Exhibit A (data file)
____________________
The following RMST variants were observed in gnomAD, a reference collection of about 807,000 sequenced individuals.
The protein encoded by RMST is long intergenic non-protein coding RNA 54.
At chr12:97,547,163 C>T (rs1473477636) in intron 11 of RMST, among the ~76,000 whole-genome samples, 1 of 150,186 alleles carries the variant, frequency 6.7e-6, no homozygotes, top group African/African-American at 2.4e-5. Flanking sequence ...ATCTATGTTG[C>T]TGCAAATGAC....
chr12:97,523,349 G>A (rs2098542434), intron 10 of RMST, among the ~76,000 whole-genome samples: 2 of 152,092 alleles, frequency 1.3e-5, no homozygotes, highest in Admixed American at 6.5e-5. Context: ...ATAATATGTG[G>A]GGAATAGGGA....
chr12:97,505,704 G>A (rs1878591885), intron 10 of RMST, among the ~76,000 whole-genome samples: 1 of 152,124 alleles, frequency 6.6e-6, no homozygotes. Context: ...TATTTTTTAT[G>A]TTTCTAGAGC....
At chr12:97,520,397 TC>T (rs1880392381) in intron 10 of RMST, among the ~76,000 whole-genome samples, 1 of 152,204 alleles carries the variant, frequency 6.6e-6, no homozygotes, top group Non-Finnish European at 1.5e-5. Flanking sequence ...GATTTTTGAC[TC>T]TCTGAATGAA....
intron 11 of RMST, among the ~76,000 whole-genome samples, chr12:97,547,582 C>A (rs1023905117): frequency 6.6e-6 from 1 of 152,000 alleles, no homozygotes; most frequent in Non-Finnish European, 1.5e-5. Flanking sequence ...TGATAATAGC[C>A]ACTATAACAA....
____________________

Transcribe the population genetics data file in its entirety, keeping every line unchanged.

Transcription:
The following RMST variants were observed in gnomAD, a reference collection of about 807,000 sequenced individuals.
The protein encoded by RMST is long intergenic non-protein coding RNA 54.
At chr12:97,547,163 C>T (rs1473477636) in intron 11 of RMST, among the ~76,000 whole-genome samples, 1 of 150,186 alleles carries the variant, frequency 6.7e-6, no homozygotes, top group African/African-American at 2.4e-5. Flanking sequence ...ATCTATGTTG[C>T]TGCAAATGAC....
chr12:97,523,349 G>A (rs2098542434), intron 10 of RMST, among the ~76,000 whole-genome samples: 2 of 152,092 alleles, frequency 1.3e-5, no homozygotes, highest in Admixed American at 6.5e-5. Context: ...ATAATATGTG[G>A]GGAATAGGGA....
chr12:97,505,704 G>A (rs1878591885), intron 10 of RMST, among the ~76,000 whole-genome samples: 1 of 152,124 alleles, frequency 6.6e-6, no homozygotes. Context: ...TATTTTTTAT[G>A]TTTCTAGAGC....
At chr12:97,520,397 TC>T (rs1880392381) in intron 10 of RMST, among the ~76,000 whole-genome samples, 1 of 152,204 alleles carries the variant, frequency 6.6e-6, no homozygotes, top group Non-Finnish European at 1.5e-5. Flanking sequence ...GATTTTTGAC[TC>T]TCTGAATGAA....
intron 11 of RMST, among the ~76,000 whole-genome samples, chr12:97,547,582 C>A (rs1023905117): frequency 6.6e-6 from 1 of 152,000 alleles, no homozygotes; most frequent in Non-Finnish European, 1.5e-5. Flanking sequence ...TGATAATAGC[C>A]ACTATAACAA....